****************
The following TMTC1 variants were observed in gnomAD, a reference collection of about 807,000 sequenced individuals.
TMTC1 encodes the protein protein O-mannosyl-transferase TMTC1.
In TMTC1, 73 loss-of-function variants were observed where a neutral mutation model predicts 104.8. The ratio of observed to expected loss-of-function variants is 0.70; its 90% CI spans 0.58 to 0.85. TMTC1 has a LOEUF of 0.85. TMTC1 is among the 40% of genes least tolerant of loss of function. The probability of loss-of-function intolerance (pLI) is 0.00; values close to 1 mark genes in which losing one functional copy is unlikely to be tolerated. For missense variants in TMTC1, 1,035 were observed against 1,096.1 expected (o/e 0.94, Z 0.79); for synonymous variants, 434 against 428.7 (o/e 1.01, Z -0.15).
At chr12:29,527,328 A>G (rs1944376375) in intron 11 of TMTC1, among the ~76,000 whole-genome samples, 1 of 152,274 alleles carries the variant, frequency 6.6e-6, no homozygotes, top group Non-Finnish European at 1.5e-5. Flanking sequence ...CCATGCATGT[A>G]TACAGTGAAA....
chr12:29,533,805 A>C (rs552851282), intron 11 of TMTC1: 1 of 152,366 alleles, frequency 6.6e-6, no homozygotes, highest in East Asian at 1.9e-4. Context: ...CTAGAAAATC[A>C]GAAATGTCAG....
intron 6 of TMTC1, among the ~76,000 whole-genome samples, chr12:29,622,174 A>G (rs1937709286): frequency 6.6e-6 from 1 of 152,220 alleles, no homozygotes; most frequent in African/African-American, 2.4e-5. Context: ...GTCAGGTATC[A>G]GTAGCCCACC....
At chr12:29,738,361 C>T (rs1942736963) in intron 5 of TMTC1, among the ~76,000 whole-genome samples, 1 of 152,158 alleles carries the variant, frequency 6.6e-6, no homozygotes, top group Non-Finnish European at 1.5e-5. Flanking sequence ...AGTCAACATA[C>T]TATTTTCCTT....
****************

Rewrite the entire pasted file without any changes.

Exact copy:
The following TMTC1 variants were observed in gnomAD, a reference collection of about 807,000 sequenced individuals.
TMTC1 encodes the protein protein O-mannosyl-transferase TMTC1.
In TMTC1, 73 loss-of-function variants were observed where a neutral mutation model predicts 104.8. The ratio of observed to expected loss-of-function variants is 0.70; its 90% CI spans 0.58 to 0.85. TMTC1 has a LOEUF of 0.85. TMTC1 is among the 40% of genes least tolerant of loss of function. The probability of loss-of-function intolerance (pLI) is 0.00; values close to 1 mark genes in which losing one functional copy is unlikely to be tolerated. For missense variants in TMTC1, 1,035 were observed against 1,096.1 expected (o/e 0.94, Z 0.79); for synonymous variants, 434 against 428.7 (o/e 1.01, Z -0.15).
At chr12:29,527,328 A>G (rs1944376375) in intron 11 of TMTC1, among the ~76,000 whole-genome samples, 1 of 152,274 alleles carries the variant, frequency 6.6e-6, no homozygotes, top group Non-Finnish European at 1.5e-5. Flanking sequence ...CCATGCATGT[A>G]TACAGTGAAA....
chr12:29,533,805 A>C (rs552851282), intron 11 of TMTC1: 1 of 152,366 alleles, frequency 6.6e-6, no homozygotes, highest in East Asian at 1.9e-4. Context: ...CTAGAAAATC[A>C]GAAATGTCAG....
intron 6 of TMTC1, among the ~76,000 whole-genome samples, chr12:29,622,174 A>G (rs1937709286): frequency 6.6e-6 from 1 of 152,220 alleles, no homozygotes; most frequent in African/African-American, 2.4e-5. Context: ...GTCAGGTATC[A>G]GTAGCCCACC....
At chr12:29,738,361 C>T (rs1942736963) in intron 5 of TMTC1, among the ~76,000 whole-genome samples, 1 of 152,158 alleles carries the variant, frequency 6.6e-6, no homozygotes, top group Non-Finnish European at 1.5e-5. Flanking sequence ...AGTCAACATA[C>T]TATTTTCCTT....